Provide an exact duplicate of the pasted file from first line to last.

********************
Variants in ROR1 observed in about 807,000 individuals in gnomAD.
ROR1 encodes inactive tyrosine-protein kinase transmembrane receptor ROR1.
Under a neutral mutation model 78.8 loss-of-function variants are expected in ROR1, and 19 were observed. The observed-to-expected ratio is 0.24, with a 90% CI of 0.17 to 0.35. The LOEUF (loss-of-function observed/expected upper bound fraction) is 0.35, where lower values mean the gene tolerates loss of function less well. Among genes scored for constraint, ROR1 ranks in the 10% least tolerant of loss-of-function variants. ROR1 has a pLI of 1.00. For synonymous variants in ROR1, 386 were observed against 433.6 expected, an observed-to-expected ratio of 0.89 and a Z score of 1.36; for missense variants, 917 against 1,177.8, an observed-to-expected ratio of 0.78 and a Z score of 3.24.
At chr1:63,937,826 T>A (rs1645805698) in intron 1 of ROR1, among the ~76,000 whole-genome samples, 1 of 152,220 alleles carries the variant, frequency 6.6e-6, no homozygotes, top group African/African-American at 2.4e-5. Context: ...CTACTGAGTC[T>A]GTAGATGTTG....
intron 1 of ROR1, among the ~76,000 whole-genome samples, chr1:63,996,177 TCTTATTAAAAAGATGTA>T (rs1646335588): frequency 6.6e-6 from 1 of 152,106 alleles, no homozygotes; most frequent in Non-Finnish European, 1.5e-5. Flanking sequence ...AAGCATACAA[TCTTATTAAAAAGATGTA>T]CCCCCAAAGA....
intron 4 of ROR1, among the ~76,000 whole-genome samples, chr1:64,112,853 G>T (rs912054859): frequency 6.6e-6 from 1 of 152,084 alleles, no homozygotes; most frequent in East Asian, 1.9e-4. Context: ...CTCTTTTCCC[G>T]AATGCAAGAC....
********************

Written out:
Variants in ROR1 observed in about 807,000 individuals in gnomAD.
ROR1 encodes inactive tyrosine-protein kinase transmembrane receptor ROR1.
Under a neutral mutation model 78.8 loss-of-function variants are expected in ROR1, and 19 were observed. The observed-to-expected ratio is 0.24, with a 90% CI of 0.17 to 0.35. The LOEUF (loss-of-function observed/expected upper bound fraction) is 0.35, where lower values mean the gene tolerates loss of function less well. Among genes scored for constraint, ROR1 ranks in the 10% least tolerant of loss-of-function variants. ROR1 has a pLI of 1.00. For synonymous variants in ROR1, 386 were observed against 433.6 expected, an observed-to-expected ratio of 0.89 and a Z score of 1.36; for missense variants, 917 against 1,177.8, an observed-to-expected ratio of 0.78 and a Z score of 3.24.
At chr1:63,937,826 T>A (rs1645805698) in intron 1 of ROR1, among the ~76,000 whole-genome samples, 1 of 152,220 alleles carries the variant, frequency 6.6e-6, no homozygotes, top group African/African-American at 2.4e-5. Context: ...CTACTGAGTC[T>A]GTAGATGTTG....
intron 1 of ROR1, among the ~76,000 whole-genome samples, chr1:63,996,177 TCTTATTAAAAAGATGTA>T (rs1646335588): frequency 6.6e-6 from 1 of 152,106 alleles, no homozygotes; most frequent in Non-Finnish European, 1.5e-5. Flanking sequence ...AAGCATACAA[TCTTATTAAAAAGATGTA>T]CCCCCAAAGA....
intron 4 of ROR1, among the ~76,000 whole-genome samples, chr1:64,112,853 G>T (rs912054859): frequency 6.6e-6 from 1 of 152,084 alleles, no homozygotes; most frequent in East Asian, 1.9e-4. Context: ...CTCTTTTCCC[G>T]AATGCAAGAC....